« The State of the Trade Deficit | Main | Misspeaking »

February 11, 2005

Keeping the Yuan Down...

John Berry delivers the rest of the conference report on last Friday's Federal Reserve Bank of San Francisco dollar-yuan conference. Berry believes that the yuan will stay low for quite a while: that China's State Council doesn't realize what the long-run costs of its policy are, and even if ti did realize them might think the money well-spent:

Bloomberg Columnists: Federal Reserve officials aren't optimistic that China will drop its currency peg against the dollar anytime soon because that decision is in the hands of a State Council focused primarily on political stability rather than financial issues... believes that China's political stability hinges on continued strong economic growth that will provide the tens of millions of new jobs needed by workers moving out of agriculture and into the industrial economy. And that growth in turn is seen as dependent on keeping the yuan pegged tightly to the dollar.

Fed Chairman Alan Greenspan has said that keeping the yuan pegged to the dollar means that the People's Bank of China, the country's central bank, can't control the nation's money supply. As a result, mounting inflationary pressures eventually will force a revaluation of the yuan, he has said. At the same time, keeping the peg has forced the central bank to accumulate well over half a trillion dollars worth of foreign exchange reserves, mostly U.S. dollars....

In a speech in Washington on Feb. 9, Timothy F. Geithner, president of the New York Federal Reserve Bank, cited two major risks to world economic growth. One is the increasing government debt-to-GDP ratios in most of the major economies. ``At the same time,'' Geithner said, ``external imbalances have reached unprecedented levels, most dramatically in the case of the U.S. current account deficit, which is on a path to exceed 6 percent of GDP. These imbalances -- fiscal and external -- cannot be sustained indefinitely. Each magnifies the risk in the other.... The present system, where the major currencies adjust against each other, but many large emerging market economies tie their currencies to the dollar or shadow it closely, creates an awkward asymmetry. This system carries with it the seeds of future stress for the global economy,'' Geithner warned.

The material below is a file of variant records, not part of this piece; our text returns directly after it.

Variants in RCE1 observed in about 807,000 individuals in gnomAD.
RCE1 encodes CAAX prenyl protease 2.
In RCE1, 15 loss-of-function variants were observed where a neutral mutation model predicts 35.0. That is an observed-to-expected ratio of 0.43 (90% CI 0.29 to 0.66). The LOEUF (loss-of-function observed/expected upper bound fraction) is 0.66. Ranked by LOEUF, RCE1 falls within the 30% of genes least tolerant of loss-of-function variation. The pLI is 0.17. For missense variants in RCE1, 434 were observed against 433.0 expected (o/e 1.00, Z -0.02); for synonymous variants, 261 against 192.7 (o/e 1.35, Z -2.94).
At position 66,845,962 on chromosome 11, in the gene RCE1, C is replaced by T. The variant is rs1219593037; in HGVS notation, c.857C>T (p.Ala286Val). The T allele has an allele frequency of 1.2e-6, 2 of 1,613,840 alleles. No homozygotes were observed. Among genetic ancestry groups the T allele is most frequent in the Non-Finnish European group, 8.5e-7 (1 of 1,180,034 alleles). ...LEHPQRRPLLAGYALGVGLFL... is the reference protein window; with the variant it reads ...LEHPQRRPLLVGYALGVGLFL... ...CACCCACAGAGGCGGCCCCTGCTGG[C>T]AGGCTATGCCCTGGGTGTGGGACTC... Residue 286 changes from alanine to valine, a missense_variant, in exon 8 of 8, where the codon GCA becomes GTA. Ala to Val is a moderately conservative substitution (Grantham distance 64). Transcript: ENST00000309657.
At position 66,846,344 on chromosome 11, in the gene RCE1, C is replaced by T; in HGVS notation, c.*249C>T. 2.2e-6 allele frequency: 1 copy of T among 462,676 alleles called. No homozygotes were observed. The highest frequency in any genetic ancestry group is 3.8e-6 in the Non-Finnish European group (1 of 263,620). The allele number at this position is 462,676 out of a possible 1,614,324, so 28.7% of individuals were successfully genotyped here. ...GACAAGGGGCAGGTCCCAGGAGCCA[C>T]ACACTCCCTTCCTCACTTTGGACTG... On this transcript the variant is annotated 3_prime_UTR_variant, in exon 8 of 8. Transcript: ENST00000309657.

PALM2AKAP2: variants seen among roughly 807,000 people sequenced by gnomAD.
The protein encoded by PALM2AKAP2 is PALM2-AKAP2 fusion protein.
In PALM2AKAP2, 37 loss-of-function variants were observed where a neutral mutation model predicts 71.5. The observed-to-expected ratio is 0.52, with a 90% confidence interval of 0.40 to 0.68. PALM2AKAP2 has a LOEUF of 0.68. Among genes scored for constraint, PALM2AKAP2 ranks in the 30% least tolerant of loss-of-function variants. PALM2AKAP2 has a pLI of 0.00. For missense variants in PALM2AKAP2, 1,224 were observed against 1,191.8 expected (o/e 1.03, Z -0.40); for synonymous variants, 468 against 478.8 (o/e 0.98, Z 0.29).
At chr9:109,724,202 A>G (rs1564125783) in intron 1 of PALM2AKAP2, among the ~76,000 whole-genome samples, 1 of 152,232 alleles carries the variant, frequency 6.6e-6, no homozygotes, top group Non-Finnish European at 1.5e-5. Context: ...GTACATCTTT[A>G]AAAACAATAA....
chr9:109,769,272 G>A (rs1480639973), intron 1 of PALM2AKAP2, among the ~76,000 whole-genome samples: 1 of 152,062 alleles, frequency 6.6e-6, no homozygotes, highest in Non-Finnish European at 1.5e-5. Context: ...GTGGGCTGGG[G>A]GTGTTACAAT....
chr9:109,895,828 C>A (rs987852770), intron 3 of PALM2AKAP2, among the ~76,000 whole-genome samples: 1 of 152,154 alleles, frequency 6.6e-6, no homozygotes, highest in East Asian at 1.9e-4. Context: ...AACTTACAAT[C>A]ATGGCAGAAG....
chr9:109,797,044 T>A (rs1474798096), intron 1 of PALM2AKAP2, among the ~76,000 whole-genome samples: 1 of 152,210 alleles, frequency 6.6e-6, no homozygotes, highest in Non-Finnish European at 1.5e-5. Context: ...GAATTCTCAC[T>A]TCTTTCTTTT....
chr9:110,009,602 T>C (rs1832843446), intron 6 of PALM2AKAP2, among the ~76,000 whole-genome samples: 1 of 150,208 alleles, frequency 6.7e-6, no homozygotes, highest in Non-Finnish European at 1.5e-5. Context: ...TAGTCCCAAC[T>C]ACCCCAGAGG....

At a symposium at the San Francisco Federal Reserve Bank last week, more than 30 economists, mostly from universities and international institutions, tackled the issue of China's currency peg. Most of them argued that the Chinese would be forced to adopt a more flexible exchange rate regime, and some said that would come no later than next year.... [T]he symposium... discuss[ed] a series of papers by economists who maintain that the Chinese have such an overriding interest in strong growth that the peg will last at least for another five years.... Peter Garber... told the group, ``I don't think anybody disagrees that this eventually will come to an end.'' That probably will only happen ``when the labor supply is absorbed,'' he said.... The heart of the Dooley and Garber analysis, in which David Folkerts-Landau, another Deutsche Bank economist, has participated, is that the current situation in China and other East Asian nations resembles that of Western Europe in the 1950s after much of it was devastated by World War II.... ``If the price to be paid for this (industrialization) strategy includes financing a large U.S. current account deficit, governments in the periphery will see it in their interest to provide financing even in circumstances where private international investors would not....

No one [else] at the symposium expressed support for the notion that the Chinese would be able to maintain their peg nearly as long as Dooley and Garber said they could. Nouriel Roubini of New York University was the most vociferous among those attacking Dooley and Garber's view. ``It's not sustainable and will unravel,'' Roubini said. ``Once central banks signal less willingness to finance,'' that will trigger a massive private investor rush out of the dollar. Edwin M. (Ted) Truman, a senior fellow at the Institute for International Economics and former head of the Fed Board's Division of International Finance, referred to the papers as ``musings'' and said their ``view is incorrect and their framework does not provide a useful guide for analysis or policy. A continuation of a U.S. current account deficit of 6 percent of GDP is neither economically, financially nor politically sustainable,'' Truman said. ``The large economies with more or less firm pegs to the dollar inevitably will have to be part of the adjustment process.''...

Posted by DeLong at February 11, 2005 09:58 AM